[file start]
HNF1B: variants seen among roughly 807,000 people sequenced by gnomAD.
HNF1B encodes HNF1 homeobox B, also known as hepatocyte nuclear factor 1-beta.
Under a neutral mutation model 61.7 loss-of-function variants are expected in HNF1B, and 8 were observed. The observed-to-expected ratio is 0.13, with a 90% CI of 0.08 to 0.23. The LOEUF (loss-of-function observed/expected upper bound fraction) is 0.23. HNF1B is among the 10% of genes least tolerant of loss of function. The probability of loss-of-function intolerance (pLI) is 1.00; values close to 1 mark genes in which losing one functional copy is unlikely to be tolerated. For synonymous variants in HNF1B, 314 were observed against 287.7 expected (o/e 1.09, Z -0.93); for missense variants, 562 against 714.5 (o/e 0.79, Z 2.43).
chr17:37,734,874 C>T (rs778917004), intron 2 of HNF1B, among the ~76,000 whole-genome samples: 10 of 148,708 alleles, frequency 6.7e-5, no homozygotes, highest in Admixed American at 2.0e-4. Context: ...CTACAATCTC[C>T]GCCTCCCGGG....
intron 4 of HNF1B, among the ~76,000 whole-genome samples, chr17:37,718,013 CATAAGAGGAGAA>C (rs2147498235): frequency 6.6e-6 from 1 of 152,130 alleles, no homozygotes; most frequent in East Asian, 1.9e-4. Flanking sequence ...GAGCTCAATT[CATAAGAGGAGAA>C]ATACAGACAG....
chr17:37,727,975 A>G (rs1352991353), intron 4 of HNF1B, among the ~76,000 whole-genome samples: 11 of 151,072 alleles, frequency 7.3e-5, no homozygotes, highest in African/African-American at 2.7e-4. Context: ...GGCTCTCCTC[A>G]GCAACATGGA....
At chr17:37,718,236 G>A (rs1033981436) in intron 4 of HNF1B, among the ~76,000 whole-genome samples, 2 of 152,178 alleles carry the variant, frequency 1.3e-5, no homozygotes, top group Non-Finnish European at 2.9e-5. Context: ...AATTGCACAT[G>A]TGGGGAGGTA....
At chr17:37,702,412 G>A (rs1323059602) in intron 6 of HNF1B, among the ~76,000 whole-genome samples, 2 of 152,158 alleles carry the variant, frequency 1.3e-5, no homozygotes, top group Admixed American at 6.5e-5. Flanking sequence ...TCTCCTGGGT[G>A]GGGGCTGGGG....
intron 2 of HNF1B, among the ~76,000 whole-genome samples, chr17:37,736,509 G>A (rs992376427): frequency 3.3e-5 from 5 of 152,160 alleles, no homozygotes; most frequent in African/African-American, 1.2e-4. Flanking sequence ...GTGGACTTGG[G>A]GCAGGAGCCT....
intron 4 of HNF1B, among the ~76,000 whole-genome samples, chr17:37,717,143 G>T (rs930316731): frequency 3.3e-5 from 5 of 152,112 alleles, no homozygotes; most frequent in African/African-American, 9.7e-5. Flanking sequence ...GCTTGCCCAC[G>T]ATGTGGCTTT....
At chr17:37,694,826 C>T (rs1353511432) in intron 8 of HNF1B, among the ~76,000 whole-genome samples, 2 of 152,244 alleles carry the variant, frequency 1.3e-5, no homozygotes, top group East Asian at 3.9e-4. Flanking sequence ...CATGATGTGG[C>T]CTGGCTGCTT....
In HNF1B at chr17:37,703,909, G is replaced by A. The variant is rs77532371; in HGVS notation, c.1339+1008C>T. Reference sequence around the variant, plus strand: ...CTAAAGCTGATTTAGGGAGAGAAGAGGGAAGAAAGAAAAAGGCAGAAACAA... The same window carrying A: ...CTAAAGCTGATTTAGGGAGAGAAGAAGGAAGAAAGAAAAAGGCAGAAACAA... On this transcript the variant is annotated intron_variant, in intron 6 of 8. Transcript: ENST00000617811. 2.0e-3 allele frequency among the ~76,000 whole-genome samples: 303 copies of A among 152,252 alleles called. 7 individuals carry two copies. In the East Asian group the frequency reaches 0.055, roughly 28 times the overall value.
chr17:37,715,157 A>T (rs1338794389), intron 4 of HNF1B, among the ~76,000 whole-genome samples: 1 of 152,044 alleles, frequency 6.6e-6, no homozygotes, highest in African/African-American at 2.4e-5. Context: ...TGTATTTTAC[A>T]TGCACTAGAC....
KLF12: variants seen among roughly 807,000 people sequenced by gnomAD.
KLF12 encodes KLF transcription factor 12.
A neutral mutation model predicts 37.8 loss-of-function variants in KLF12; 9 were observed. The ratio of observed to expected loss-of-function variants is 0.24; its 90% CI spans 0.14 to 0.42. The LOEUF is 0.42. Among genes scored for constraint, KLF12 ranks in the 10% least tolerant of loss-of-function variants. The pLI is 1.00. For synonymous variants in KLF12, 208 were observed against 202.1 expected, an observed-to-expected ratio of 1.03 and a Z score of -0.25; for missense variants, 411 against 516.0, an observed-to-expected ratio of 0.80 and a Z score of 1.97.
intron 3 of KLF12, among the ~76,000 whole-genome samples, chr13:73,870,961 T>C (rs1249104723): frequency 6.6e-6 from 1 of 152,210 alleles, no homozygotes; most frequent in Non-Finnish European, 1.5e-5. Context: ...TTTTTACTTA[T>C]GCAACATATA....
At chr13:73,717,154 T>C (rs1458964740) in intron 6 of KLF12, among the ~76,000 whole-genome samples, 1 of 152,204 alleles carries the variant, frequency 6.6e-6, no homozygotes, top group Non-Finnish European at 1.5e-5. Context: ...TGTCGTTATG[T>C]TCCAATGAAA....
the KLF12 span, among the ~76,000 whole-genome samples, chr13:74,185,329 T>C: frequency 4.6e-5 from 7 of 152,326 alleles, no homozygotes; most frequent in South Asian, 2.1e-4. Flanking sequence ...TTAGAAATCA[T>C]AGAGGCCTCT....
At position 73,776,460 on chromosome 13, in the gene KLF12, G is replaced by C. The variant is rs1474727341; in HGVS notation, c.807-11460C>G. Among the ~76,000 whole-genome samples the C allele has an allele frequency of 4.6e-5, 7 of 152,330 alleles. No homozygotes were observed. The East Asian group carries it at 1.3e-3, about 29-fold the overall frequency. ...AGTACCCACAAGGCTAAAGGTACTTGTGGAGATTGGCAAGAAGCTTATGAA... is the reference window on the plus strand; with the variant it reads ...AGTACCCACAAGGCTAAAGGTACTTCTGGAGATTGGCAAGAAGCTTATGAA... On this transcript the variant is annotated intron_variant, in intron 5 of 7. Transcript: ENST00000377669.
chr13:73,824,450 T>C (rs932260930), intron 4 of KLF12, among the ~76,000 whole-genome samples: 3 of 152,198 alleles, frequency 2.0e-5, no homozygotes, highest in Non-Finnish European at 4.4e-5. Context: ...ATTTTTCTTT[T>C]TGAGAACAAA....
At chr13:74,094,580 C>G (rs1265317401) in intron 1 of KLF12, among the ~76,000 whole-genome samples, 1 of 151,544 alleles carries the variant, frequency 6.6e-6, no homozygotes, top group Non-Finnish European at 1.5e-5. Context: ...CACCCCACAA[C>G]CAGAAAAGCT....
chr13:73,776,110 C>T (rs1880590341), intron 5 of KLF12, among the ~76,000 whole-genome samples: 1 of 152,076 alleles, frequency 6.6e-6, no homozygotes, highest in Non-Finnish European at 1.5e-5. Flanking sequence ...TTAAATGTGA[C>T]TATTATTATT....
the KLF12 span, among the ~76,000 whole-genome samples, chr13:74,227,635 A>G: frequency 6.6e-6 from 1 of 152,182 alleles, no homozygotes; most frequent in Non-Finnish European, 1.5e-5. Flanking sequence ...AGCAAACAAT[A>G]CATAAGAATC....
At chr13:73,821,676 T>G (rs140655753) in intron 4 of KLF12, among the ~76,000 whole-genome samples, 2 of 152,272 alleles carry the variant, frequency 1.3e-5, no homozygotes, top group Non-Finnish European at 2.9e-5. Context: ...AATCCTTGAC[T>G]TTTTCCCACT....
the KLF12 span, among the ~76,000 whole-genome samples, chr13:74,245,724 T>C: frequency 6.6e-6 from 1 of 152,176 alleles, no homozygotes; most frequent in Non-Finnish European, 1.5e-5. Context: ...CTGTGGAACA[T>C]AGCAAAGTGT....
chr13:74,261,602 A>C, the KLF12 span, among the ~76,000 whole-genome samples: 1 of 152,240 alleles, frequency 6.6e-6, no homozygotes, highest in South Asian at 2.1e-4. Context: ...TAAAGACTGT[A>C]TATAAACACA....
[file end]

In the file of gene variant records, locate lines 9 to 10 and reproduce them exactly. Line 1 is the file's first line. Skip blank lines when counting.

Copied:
intron 2 of HNF1B, among the ~76,000 whole-genome samples, chr17:37,736,509 G>A (rs992376427): frequency 3.3e-5 from 5 of 152,160 alleles, no homozygotes; most frequent in African/African-American, 1.2e-4. Flanking sequence ...GTGGACTTGG[G>A]GCAGGAGCCT....
intron 4 of HNF1B, among the ~76,000 whole-genome samples, chr17:37,717,143 G>T (rs930316731): frequency 3.3e-5 from 5 of 152,112 alleles, no homozygotes; most frequent in African/African-American, 9.7e-5. Flanking sequence ...GCTTGCCCAC[G>T]ATGTGGCTTT....